First, the more prescriptions a person has, the more likely they are to have had difficulty filling said prescriptions. Those currently taking six or more prescription drugs are twice as likely (61%) to experience the issues themselves compared to those taking one or two (30%).
Notably, women of all ages are more likely to say that they have faced these difficulties, with older women (55+) most likely to have been turned away or sent elsewhere for their prescriptions:
The seriousness of this issue becomes more evident when considering the number of Canadians who consider at least one of their prescriptions to be “essential” to their well-being. Nine-in-ten Canadians with a prescription (88%) say that it is critical to their health:
Given that provincial governments oversee their own pharmacare plans, it is reasonable to expect that experiences with filling prescriptions may vary by region. Quebec, for instance, is home to a hybrid public and private pharmacare program that offers universal access to most prescription drugs. Observers continue to debate the success of that program, as experts note that this has come with increased costs compared to the rest of Canada.
Cost concerns aside, Quebec residents are least likely to have had issues with filling prescriptions, while just next-door Ontario residents have the highest rates of difficulty:
Despite the large number of Canadians who have experienced issues with filling prescriptions, most are relatively confident about their prescription drug supply. Two-thirds say that, to the best of their knowledge, they feel the current supply is sufficient, while equal numbers feel it is abundant (16%) or insufficient (17%):
A person’s experience with prescription filling frustrations appears to play a role in their evaluation of the current landscape. Three-in-ten of those who have personal experience struggling to fill a prescription (31%) say Canada has problems to deal with on this issue. Among those who have never had an issue, just 12 per cent say Canada has frequent shortages to deal with:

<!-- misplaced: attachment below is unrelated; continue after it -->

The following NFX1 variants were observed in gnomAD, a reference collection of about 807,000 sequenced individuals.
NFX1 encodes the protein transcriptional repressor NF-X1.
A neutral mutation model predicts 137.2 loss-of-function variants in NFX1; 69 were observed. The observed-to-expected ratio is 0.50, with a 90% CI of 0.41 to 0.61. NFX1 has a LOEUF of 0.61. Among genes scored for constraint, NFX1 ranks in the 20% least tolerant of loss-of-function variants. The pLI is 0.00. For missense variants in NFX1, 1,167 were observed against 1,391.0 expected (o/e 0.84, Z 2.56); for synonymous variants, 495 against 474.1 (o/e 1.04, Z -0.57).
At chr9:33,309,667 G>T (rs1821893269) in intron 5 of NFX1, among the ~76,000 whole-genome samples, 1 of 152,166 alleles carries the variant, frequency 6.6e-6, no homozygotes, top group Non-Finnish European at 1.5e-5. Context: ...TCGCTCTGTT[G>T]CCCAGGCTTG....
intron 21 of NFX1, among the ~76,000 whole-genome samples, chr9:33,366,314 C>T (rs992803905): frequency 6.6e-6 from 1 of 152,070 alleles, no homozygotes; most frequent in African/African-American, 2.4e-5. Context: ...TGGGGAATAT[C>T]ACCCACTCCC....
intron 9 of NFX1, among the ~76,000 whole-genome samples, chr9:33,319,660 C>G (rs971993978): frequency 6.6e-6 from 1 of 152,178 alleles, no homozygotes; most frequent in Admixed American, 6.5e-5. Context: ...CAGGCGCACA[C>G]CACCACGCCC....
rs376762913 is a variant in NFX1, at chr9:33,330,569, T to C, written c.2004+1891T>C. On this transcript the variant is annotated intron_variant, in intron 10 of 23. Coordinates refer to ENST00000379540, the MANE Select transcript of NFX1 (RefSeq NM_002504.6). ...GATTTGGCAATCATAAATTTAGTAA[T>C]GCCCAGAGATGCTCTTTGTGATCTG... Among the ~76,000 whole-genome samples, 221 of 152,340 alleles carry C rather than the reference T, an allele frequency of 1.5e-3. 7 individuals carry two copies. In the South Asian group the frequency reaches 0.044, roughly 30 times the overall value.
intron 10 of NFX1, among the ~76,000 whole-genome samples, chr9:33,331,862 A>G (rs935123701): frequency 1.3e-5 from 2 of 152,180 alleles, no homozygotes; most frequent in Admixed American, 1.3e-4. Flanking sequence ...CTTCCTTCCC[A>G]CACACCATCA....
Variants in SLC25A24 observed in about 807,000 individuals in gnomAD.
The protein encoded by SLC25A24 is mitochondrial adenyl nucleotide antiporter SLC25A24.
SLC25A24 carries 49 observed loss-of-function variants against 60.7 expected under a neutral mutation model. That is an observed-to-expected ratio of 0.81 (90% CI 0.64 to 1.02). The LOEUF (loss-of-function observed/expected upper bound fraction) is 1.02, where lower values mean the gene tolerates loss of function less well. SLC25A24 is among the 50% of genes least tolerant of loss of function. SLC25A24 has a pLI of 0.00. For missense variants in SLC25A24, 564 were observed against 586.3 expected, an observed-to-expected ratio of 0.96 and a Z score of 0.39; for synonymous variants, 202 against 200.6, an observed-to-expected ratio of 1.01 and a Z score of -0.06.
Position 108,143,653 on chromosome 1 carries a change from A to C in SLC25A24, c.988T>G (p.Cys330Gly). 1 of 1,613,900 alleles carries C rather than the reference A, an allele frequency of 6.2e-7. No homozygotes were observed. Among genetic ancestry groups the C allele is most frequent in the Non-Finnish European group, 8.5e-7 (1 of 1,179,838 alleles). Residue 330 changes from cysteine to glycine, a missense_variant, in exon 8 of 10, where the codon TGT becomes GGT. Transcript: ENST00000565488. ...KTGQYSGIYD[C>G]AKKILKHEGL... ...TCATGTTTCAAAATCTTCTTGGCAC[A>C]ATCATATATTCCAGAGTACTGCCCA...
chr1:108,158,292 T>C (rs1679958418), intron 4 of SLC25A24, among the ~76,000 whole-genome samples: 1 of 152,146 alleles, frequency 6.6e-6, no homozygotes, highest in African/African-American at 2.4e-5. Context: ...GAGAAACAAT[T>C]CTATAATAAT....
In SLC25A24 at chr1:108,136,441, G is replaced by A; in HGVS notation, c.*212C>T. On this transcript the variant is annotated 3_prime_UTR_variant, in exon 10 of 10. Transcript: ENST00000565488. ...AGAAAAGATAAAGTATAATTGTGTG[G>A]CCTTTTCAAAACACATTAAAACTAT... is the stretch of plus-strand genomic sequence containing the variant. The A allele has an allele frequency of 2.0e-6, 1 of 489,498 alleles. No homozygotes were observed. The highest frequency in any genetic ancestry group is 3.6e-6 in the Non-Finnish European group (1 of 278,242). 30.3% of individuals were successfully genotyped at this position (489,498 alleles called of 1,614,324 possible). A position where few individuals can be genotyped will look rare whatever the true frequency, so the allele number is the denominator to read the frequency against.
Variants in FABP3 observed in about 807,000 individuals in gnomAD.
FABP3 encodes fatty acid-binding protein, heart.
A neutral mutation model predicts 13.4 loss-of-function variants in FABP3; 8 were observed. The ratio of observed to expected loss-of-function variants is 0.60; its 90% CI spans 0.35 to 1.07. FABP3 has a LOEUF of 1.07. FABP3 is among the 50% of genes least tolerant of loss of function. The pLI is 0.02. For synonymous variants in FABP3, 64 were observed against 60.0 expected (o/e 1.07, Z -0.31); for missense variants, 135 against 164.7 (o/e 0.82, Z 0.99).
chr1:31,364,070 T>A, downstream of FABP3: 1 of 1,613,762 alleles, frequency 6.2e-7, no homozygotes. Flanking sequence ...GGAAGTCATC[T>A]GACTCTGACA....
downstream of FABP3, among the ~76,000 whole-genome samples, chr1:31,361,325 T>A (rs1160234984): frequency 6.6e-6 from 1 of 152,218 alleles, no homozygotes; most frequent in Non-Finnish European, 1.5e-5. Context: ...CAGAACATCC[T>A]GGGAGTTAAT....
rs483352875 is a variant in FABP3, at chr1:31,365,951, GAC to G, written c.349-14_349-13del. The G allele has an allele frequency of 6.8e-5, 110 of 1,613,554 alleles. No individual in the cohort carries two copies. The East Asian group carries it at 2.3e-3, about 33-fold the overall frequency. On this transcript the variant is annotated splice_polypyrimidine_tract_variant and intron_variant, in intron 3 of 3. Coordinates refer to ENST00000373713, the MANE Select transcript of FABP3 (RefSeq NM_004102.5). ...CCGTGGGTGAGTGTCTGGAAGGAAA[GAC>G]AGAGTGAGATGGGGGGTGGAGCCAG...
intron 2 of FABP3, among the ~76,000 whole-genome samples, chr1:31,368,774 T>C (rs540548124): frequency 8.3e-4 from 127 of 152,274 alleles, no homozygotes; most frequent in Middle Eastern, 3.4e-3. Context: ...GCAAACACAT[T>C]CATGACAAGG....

Canadians who are more familiar with the proposed U.S. prescription drug policy are more likely to worry about its consequences for Canada. Seven-in-ten of those who say they are at least somewhat familiar with the policy (71%) also say they are worried about the impact it may have on drug prices in this country. Overall, just under two-thirds (64%) of Canadians say they are concerned about this issue:
Age and gender are also a factor in opinions of the U.S. drug import plan. Men under the age of 55 are less likely to say that they are concerned about future shortages. Conversely, three-quarters (74%) of women ages 55 and older are worried about the policy, the highest of any age and gender group. It is worth noting that despite the different degrees of concern, at least half in every age and gender group are worried about the impact of bulk-exporting drugs to the U.S.:
For Canadian households earning less than $50,000, the proposed U.S. policy is slightly more worrisome, but it is worth noting that Canadians from all income levels voice concern about potentially higher prices, or drug shortages that may result from the U.S. government’s proposal: